Deep in a laboratory far under the megacity of Exampleville, a scientist is experimenting on a new compound found in an alternate, magical universe. He accidentally knocks over a vial of Handwavium, which falls into a sink. Suddenly, the magic spreads through the city's water, instantly thickening it to the viscosity of maple syrup.

This transformation spreads at about 100 feet/second, but I'd also be interested in how the effect would be different if it were instant. Assume that any water touching the sewer or fresh water systems would be converted. Lakes and rivers are out of the scope I'm looking for; I might make that a second question.

Anyway, how would this affect our water/sewer infrastructure, and would the effects be permanent? These buildings are skyscrapers, and there are at least 10 million people. Precipitation and dew are obviously not affected unless they contact contaminated water. Note that there is no magic aside from the Handwavium that affects the water, so no magical answers.

  • $\begingroup$ Will this Handwavium take all over the world's water, including water in the bodies of living organisms? $\endgroup$ – Alexander Mar 5 at 1:12
  • $\begingroup$ @Alexander No, only water contaminated water touches $\endgroup$ – Redwolf Programs Mar 5 at 2:20
  • 1
    $\begingroup$ If it infects all water it touches, it first infects all water in the city pipes. Then it will either travel backwards up the water treatment plant and infect the lake or other body of water. Either that or it will travel back to the lake through the sewers and the treatment plant. So how would be stopped from contaminating all water? $\endgroup$ – cybernard Mar 5 at 13:23
  • $\begingroup$ @cybernard Say, for example, a dam? $\endgroup$ – Redwolf Programs Mar 5 at 13:41
  • $\begingroup$ 4 degree celsius... $\endgroup$ – user6760 Mar 5 at 13:50

Most pumping systems are damaged, possibly destroyed.

Low viscosity fluids (like water) are usually pumped using centrifugal pumps, which are very efficient but generate high shear. An increase in viscosity will reduce the flow, increase the head, and markedly increase power requirements and heat production. Maple syrup levels of viscosity will make most electric pumps overheat and burn.

Some pumps will have overheating protection; most will not.

Most people die.

The human body is mostly composed of water. Consider that a comparatively small increase in blood viscosity due to high hematocrite is enough to increase the risk of a stroke. Should the water component assume the viscosity of maple syrup, absolutely 100% of people would immediately die of both cerebral ischemia and heart attack. Pulmonary embolia would also kill, but no one will survive long enough for that.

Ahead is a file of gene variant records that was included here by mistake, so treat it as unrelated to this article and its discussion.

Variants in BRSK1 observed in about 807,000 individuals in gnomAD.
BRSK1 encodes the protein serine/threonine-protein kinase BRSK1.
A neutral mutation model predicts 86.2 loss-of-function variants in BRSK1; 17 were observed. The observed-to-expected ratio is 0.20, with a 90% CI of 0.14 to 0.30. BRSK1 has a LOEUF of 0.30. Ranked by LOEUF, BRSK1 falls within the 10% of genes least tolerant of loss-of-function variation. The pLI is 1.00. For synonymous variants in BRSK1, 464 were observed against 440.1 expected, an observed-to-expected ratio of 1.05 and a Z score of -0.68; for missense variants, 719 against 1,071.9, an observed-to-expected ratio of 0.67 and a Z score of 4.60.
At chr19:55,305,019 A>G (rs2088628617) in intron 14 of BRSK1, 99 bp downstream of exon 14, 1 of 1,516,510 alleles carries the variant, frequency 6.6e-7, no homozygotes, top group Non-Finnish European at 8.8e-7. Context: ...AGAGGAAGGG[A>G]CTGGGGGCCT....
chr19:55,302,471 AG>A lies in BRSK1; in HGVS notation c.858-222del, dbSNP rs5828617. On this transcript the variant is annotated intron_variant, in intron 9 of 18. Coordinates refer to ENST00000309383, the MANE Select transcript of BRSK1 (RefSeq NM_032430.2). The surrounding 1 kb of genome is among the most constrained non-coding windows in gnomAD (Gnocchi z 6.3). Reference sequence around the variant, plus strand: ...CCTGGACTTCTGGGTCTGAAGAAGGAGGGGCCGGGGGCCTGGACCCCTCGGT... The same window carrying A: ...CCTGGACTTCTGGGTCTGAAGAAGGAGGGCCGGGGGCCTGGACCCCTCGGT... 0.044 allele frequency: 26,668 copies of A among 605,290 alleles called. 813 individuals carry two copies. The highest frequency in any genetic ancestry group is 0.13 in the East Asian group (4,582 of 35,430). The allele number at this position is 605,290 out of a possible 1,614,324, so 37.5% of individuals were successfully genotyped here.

There is a novel by Kurt Vonnegut - Cat's Cradle - that I think deals with a special form of ice (Ice IX) that freezes way above 0 °C, so that when coming in contact with ordinary water, that too is frozen into ice IX (ice IX actually exists, but has no such property).

I also remember some French novel in which a scientist developed a catalyst capable of burning water. If dropped in the Seine, it would have set the whole world on fire.

  • 7
    $\begingroup$ Name of Vonnegut novel is "Cat's Cradle", ice nine is a mcguffin used in the it. en.wikipedia.org/wiki/Cat%27s_Cradle $\endgroup$ – Artur Biesiadowski Mar 5 at 9:26
  • $\begingroup$ @ArturBiesiadowski thanks, edited answer! I hadn't checked the original title; in my own language the novel is called "Ice Nine" (ibs.it/ghiaccio-nove-libro-kurt-vonnegut/e/9788807883682), probably because the literal translation of "Cat's Cradle" would have been both ridiculous and ambiguous (the string game is ripiglìno, with a stress on the last syllable, but it's spelled like ripìglino which, with a stress on the second syllable, means may they catch something again or may they recover -- and is dialectal Italian, proper Italian being riprèndano) $\endgroup$ – LSerni Mar 5 at 16:33
  • $\begingroup$ Not just people. The molecular characteristics of water are critical to the biological processes of pretty much every form of life on the planet that I can think of... $\endgroup$ – Morris The Cat Mar 5 at 16:47

Blocked pipes and sewers.

Fatbergs are already issues in sewers. Causing running water to immediately become more viscous would only accelerate the issue immensely.

In fact, it may be that the problem doesn't even spread very far, if the flow of magic relies on the water (as you might expect, given that it took being spilt down the drain to have an effect) because of the slow flow of the water.

The end result would be that the sewers very quickly stop working, leading to huge sanitary problems for the city, like sewage flowing down the streets.

In addition to that, backed up viscous water could break free, leading to disasters on its own - even viscous liquids can, given enough of it flow remarkably quickly.

  • $\begingroup$ It only takes a single faucet to be open(ed) when the magic has hit the sink's drain for the entire fresh-water system to be infected. And once it's in the freshwater pipes, it's virtually impossible to stop as all freshwater pipes are filled 100% 24/7. $\endgroup$ – cmaster Mar 5 at 21:09

Your Answer

By clicking “Post Your Answer”, you agree to our terms of service, privacy policy and cookie policy

Not the answer you're looking for? Browse other questions tagged or ask your own question.